‘Jurassic Park 3D’: Dinosaurs, and Jeff Goldblum, still rule
A movie review of “Jurassic Park 3D,” a rerelease that brings back the dinosaurs, still menacing 20 years later, and Jeff Goldblum as “chaos theory” expert Dr. Ian Malcolm.
McClatchy-Tribune News Service
‘Jurassic Park 3D,’ with Sam Neill, Laura Dern, Jeff Goldblum, Richard Attenborough. Directed by Steven Spielberg, from a screenplay by Michael Crichton and David Koepp, based on Crichton’s novel. 127 minutes. Rated PG-13 for intense science-fiction terror. Several theaters.
Forget blowing the images up to IMAX size and converting the lunging velociraptors and T.rexes into 3D. The best reason to revive “Jurassic Park” for its 20th anniversary is Jeff Goldblum.
As “chaos theory” expert Dr. Ian Malcolm, Goldblum is the “Jurassic Park” skeptic in a cluster of greedy entrepreneurs and spellbound paleontologists (played by Laura Dern and Sam Neill).
Goldblum, as Malcolm, has all the “What if things go wrong?” questions. And when they do, he utters this line, in that distinct, silky Goldblum purr:
“Boy, do I hate being right all the time!”
“Jurassic Park,” adapted from Michael Crichton’s conceptually brilliant novel, is a horror movie wrapped in the trappings of early ’90s speculative science. Back then, kids were dino mad, the magical letters “DNA” were on every research grant, and the wonders of genetic code were just beginning to unravel.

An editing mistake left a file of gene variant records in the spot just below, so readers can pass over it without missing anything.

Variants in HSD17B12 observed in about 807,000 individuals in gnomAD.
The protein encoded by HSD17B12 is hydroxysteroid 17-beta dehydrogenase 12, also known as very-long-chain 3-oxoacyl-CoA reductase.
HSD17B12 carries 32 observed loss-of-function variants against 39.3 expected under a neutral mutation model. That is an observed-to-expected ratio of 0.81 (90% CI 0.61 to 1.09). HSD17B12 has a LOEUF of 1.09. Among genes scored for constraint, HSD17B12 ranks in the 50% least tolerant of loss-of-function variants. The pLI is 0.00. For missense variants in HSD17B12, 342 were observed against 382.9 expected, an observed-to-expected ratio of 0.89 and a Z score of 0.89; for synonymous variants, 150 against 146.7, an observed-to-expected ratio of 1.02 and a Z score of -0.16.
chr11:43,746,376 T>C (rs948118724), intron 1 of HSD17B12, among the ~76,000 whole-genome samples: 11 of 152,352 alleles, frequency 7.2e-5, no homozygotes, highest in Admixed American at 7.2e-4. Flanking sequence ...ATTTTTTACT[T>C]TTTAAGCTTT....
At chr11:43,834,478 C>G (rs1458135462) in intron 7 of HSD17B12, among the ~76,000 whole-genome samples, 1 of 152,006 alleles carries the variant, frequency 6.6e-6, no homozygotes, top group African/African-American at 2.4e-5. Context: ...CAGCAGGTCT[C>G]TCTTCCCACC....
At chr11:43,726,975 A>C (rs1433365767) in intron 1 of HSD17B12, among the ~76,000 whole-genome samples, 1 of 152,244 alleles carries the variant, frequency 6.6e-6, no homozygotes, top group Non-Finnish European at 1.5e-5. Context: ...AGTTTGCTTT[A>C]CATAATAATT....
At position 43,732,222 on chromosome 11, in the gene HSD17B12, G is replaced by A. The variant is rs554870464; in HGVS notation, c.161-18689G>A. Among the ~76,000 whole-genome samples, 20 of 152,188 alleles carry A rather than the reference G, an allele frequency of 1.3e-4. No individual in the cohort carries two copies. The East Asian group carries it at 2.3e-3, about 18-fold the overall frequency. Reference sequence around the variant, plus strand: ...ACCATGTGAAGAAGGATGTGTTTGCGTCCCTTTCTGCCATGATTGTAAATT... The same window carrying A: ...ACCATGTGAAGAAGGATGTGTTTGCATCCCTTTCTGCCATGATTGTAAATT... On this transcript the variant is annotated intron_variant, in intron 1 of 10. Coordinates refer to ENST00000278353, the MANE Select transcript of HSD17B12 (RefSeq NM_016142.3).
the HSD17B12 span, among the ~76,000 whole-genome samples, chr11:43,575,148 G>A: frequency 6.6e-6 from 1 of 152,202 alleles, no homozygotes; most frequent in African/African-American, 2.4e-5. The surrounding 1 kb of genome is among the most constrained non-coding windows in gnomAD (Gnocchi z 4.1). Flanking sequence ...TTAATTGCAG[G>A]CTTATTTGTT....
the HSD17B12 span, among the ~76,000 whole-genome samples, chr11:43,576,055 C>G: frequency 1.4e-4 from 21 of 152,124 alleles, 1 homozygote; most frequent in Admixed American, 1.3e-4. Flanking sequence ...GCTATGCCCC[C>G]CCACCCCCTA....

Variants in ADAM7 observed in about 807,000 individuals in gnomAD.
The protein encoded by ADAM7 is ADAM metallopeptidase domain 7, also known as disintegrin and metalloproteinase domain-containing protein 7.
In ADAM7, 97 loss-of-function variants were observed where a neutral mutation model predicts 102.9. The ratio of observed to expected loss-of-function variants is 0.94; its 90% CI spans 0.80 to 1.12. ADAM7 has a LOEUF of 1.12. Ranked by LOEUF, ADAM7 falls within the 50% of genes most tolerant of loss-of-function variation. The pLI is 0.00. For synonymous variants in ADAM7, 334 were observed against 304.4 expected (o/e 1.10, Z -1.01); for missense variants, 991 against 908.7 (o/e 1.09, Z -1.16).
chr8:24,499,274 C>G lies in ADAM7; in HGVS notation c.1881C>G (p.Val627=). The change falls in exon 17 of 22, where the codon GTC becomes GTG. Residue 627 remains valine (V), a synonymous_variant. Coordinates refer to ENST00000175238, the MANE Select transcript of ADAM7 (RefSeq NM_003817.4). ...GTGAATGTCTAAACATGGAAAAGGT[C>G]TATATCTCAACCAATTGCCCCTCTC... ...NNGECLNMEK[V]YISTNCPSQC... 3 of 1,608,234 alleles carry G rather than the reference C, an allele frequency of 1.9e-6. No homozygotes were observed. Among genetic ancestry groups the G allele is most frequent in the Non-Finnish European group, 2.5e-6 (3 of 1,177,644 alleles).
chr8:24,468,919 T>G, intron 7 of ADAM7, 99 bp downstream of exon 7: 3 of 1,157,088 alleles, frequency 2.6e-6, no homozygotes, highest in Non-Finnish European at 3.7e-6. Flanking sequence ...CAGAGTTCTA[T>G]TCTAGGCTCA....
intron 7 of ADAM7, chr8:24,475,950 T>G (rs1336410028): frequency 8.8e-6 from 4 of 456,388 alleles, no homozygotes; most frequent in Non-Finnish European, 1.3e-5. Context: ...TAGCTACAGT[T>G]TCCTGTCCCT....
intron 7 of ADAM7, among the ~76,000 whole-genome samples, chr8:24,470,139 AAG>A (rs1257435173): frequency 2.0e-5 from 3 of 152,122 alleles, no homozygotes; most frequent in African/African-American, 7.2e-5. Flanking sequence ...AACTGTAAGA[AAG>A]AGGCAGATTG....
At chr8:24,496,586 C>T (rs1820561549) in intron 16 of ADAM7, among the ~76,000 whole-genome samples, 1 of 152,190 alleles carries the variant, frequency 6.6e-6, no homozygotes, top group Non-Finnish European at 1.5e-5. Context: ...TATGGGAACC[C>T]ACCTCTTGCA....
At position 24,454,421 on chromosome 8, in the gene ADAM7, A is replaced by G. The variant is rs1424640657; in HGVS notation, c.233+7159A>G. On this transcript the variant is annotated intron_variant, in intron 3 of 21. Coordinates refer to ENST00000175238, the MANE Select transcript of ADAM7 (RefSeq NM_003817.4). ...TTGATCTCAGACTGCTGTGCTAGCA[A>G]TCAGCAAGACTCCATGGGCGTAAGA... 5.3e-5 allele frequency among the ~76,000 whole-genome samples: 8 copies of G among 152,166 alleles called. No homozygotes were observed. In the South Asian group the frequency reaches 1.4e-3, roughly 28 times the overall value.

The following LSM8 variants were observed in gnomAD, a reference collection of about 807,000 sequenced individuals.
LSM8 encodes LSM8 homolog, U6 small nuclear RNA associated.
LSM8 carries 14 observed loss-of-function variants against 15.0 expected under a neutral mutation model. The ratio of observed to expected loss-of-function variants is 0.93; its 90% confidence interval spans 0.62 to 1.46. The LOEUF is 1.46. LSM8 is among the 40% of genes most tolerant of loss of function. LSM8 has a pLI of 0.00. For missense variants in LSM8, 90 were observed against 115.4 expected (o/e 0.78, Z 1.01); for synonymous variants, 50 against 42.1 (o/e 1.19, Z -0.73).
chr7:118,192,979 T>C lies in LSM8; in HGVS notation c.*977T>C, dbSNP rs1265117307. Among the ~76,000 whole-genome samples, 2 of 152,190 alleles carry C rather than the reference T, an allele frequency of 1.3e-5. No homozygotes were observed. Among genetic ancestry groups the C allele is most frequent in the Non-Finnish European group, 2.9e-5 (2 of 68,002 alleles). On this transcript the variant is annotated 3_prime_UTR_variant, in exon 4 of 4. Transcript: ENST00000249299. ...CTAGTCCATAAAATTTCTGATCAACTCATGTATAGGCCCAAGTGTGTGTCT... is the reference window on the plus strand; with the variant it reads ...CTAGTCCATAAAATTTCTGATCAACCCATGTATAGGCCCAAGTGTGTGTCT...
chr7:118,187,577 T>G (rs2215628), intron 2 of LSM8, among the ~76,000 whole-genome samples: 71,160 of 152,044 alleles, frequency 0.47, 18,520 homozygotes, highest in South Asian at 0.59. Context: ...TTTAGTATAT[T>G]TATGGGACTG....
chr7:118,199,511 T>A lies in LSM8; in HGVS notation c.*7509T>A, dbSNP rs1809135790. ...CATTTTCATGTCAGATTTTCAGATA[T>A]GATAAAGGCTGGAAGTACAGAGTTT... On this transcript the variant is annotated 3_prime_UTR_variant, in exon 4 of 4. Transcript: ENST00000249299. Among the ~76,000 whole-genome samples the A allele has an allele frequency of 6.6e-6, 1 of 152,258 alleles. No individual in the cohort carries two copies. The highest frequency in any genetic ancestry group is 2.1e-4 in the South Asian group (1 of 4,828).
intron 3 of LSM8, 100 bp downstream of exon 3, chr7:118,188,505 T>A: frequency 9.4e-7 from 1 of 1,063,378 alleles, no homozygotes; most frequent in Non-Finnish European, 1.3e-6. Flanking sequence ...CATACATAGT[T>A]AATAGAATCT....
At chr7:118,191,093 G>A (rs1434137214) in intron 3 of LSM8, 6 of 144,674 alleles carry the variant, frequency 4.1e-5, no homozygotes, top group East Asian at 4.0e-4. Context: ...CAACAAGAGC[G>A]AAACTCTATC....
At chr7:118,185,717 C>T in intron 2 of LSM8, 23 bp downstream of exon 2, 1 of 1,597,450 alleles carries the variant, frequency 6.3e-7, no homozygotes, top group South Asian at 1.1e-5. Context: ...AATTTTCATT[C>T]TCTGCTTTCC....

What a great time for a scary movie about a tycoon (Richard Attenborough) whose efforts have led to the breakthroughs that enable him and his backers to open an island theme park where dinosaurs have been back-engineered back to life.
Not that they should have been.
Things, as Malcolm predicts, will go wrong. Storms happen, cages fail, “sterile” dinosaurs turn out not to be. And people, who never walked the Earth at the same time as these beasties, are now the main item on the menu. Chaos theory incarnate.
Steven Spielberg’s film captures the terror in thunderous approaching footsteps, in breathy sniffs from a nose as powerful as an air compressor. The dinosaurs, impressive in their animated actions and leathery digital texture in ’93, haven’t lost much of their moist, tactile menace over the decades.
The frights still work, supersized and turned into 3D for your viewing and recoiling-from-the-screen pleasure.
If anything, science has closed the gap from the impossible to the merely improbable in the 20 years since this movie reminded us of “When Dinosaurs Ruled the Earth.” Australians are close to bringing back a recently extinct species of frog, and others are working to bring back the day when dodos ruled the Earth.
Good idea? Maybe to some. But that’s where Goldblum comes in handy. Nobody explained the improbable, and the risks involved in it, like Goldblum’s Dr. Malcolm.
“Oh, yeah. ‘Oooh, ahhh,’ that’s how it always starts. Then later there’s running and screaming.”